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If you’ve used any of these apps in different ways to enhance learning, let me know on Twitter @JamieClark85


Slacking Off? Use Slack!

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This year, I’ve introduced Slack to our English department. Slack is a great tool for communication and collaboration with colleagues. It helps to reduce unnecessary emails, send direct/group messages and drag, drop and share files with your team. The platform is user friendly and operates very much like Twitter, with # and @ symbols to tag and link people to conversations. The best bit is that it’s free!

Why use Slack?

Sharing good practice, tweaking resources, arranging deadlines/meetings can be a pain in the neck to manage via email. Slack makes these processes much easier. Within our department, we often share PDF, Microsoft Word and PowerPoint files. If you use services like Google Drive, Dropbox etc, just paste the link and that document is immediately in sync and searchable for all team members across all of their devices. Slack has many other integrations which can be installed and used within the app. Some of these include, Quip (document sharing and editing software), Google Hangouts, Wunderlist, Giphy, Twitter and more.

How do you set it up?

Setting up a team is easy. You are required to create a team name and invite members. Before you do, I would advise that you play the short official video ‘What is Slack?’ to your team so they get an idea of what it’s all about. Click the link below and have a look:

‘What is Slack?’  https://youtu.be/9RJZMSsH7-g

As you can see from my video posted on Twitter, I organised team members into class ‘channels’ – for example, all Year 8 teachers were assigned to ‘#year8’, Year 10 teachers to ‘#year10’ etc. The ‘general’ channel is used for team-wide announcements and general information.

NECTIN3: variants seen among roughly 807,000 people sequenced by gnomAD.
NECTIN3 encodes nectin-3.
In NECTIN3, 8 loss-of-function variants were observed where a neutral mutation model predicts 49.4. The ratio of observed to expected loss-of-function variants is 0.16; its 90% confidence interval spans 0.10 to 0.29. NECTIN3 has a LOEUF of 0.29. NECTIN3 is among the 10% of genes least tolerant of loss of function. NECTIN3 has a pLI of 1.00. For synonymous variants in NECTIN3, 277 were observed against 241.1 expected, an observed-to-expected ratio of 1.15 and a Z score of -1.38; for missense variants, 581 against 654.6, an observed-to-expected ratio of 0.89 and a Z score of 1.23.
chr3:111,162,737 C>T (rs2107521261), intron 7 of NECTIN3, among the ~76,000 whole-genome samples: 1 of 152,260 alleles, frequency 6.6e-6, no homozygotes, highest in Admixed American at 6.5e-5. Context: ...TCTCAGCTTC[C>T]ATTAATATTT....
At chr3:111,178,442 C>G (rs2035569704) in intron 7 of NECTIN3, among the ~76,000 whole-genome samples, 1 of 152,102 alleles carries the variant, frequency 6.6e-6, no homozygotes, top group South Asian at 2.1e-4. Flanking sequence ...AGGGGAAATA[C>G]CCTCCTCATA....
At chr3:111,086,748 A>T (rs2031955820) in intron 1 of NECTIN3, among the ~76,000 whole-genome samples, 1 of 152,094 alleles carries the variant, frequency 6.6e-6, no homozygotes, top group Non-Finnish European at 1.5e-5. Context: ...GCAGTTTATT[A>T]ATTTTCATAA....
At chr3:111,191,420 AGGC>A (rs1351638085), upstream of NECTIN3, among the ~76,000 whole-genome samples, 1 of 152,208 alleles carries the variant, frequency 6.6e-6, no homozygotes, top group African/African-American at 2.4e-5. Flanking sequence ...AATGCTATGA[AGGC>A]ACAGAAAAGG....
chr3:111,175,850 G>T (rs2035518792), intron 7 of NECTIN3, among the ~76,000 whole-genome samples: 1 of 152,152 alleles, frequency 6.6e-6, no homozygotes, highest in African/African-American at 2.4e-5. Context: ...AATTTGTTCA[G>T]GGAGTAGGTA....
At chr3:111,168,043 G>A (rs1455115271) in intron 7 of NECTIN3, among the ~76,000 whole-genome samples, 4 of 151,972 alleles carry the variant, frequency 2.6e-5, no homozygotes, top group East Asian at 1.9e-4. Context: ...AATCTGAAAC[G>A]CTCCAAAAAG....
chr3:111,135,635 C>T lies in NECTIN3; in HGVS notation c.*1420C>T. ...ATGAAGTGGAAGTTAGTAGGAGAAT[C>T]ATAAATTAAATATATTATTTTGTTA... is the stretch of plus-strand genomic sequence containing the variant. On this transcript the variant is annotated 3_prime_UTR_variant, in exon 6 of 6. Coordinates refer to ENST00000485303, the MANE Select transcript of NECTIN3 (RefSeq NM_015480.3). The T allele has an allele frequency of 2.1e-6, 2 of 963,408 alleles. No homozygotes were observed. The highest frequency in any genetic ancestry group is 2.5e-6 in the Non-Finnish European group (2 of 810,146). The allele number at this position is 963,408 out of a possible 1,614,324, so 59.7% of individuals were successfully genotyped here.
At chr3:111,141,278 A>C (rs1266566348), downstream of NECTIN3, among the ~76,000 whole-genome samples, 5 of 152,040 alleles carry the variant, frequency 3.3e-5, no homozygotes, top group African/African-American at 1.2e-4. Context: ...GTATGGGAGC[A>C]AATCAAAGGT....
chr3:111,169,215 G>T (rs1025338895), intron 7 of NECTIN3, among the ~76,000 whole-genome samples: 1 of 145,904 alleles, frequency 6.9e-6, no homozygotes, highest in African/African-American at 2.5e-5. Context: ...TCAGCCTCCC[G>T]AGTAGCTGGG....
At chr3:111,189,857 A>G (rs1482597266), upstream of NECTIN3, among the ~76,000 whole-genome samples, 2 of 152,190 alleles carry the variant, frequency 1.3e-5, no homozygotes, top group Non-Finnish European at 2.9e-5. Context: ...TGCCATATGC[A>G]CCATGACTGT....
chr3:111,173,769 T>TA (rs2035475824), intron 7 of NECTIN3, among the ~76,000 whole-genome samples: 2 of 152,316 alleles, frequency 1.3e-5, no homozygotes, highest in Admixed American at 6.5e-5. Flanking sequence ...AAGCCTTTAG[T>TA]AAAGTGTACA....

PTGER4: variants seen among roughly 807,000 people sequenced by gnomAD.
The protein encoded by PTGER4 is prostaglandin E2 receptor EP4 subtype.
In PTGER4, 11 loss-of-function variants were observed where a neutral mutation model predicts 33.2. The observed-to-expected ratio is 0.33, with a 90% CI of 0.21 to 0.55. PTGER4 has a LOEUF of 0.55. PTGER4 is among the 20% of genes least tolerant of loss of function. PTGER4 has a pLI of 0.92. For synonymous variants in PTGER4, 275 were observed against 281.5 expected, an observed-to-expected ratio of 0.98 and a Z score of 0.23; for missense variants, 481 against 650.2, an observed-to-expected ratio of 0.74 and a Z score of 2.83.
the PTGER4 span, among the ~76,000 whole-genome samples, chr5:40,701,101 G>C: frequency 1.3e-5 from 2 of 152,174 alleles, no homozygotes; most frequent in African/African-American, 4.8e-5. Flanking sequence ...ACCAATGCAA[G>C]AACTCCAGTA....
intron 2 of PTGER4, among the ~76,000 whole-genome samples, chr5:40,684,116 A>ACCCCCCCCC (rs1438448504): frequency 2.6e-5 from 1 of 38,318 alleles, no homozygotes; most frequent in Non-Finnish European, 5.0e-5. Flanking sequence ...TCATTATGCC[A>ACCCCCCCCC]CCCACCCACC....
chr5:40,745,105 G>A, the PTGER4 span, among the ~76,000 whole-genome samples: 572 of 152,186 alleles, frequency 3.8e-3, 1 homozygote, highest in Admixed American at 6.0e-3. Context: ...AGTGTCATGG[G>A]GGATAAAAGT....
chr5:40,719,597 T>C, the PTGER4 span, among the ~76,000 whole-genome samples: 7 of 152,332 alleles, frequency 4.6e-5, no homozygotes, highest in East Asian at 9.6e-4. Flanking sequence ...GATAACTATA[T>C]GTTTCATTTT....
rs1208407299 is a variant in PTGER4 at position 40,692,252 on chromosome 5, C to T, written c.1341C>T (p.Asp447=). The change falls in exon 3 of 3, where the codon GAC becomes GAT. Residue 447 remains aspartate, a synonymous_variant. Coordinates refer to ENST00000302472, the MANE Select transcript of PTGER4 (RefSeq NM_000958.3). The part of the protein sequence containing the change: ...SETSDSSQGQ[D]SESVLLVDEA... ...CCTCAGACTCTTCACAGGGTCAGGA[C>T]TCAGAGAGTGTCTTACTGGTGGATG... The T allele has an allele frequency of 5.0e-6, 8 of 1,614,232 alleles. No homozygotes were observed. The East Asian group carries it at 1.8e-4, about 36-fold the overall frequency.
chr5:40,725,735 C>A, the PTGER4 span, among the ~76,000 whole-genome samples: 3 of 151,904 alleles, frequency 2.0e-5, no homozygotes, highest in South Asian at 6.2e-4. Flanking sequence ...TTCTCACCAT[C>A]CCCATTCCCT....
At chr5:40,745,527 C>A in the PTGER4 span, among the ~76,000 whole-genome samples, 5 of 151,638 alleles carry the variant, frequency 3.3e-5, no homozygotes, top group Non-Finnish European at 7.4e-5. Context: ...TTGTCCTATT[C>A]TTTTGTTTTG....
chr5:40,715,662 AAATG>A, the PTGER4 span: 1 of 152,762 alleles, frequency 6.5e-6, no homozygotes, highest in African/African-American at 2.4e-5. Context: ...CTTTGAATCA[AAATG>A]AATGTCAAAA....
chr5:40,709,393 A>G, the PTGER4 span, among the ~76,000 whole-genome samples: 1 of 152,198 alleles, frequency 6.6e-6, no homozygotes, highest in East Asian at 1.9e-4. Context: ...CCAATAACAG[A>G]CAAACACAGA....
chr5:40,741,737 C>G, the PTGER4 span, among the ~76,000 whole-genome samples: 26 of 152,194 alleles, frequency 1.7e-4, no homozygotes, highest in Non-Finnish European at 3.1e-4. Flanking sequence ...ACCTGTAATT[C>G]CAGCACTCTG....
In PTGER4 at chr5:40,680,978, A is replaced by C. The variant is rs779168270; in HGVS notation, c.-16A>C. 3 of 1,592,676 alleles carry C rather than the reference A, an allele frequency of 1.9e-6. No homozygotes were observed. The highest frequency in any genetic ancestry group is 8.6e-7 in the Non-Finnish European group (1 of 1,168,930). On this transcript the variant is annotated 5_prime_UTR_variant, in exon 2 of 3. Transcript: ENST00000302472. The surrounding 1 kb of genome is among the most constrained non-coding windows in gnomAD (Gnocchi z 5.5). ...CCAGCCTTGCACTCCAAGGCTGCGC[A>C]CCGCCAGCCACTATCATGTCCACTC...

How do you get it?

Once you’re invited, Slack can be accessed through your browser however, I prefer to use the Mac app. For ease of access, I usually keep the app open and running in the Dock. Nevertheless, Slack pushes notifications to your device(s) when someone posts to a channel so that you don’t miss anything.

Slack can be downloaded free on iPad, iPhone and Mac from the App Store.

Mac App Store: https://itunes.apple.com/au/app/slack/id803453959?mt=12

For us Slack has made sharing, communication and collaboration easy and is slowly helping us shape a strong teaching and learning culture.

Try it with your team!

#12 ‘Blueprint Resource Planner’

For just over a month now I have been posting teaching and learning resources both on WordPress and Twitter. I’ve been flattered by the responses I’ve been getting and amazed that I’ve inspired lots of teachers to create engaging resources for their students. Many people have asked me how I think of and produce ideas that are effective and visually appealing. However, there isn’t a simple answer. To take people through a step-by-step process of how I create resources, I have made the ‘Blueprint Engaging Visual Resource Planner’.

The Blueprint Planner works in a similar way to @TeacherToolkit‘s popular and very effective ‘5 Minute Lesson Plan’ and guides teachers through several stages of the resource building process. No doubt, this tool will be useful to some and irrelevant to others although I believe it will help many to move away from the generic Comic Sans worksheet that switches so many of our students off.

I have purposely created this tool to be used as a supplement to a lesson plan and I must stress that the ideas, skills or knowledge you want students to learn comes first. The Blueprint Planner serves to transform these ideas into something accessible and stimulating for students. Here’s how it is broken down: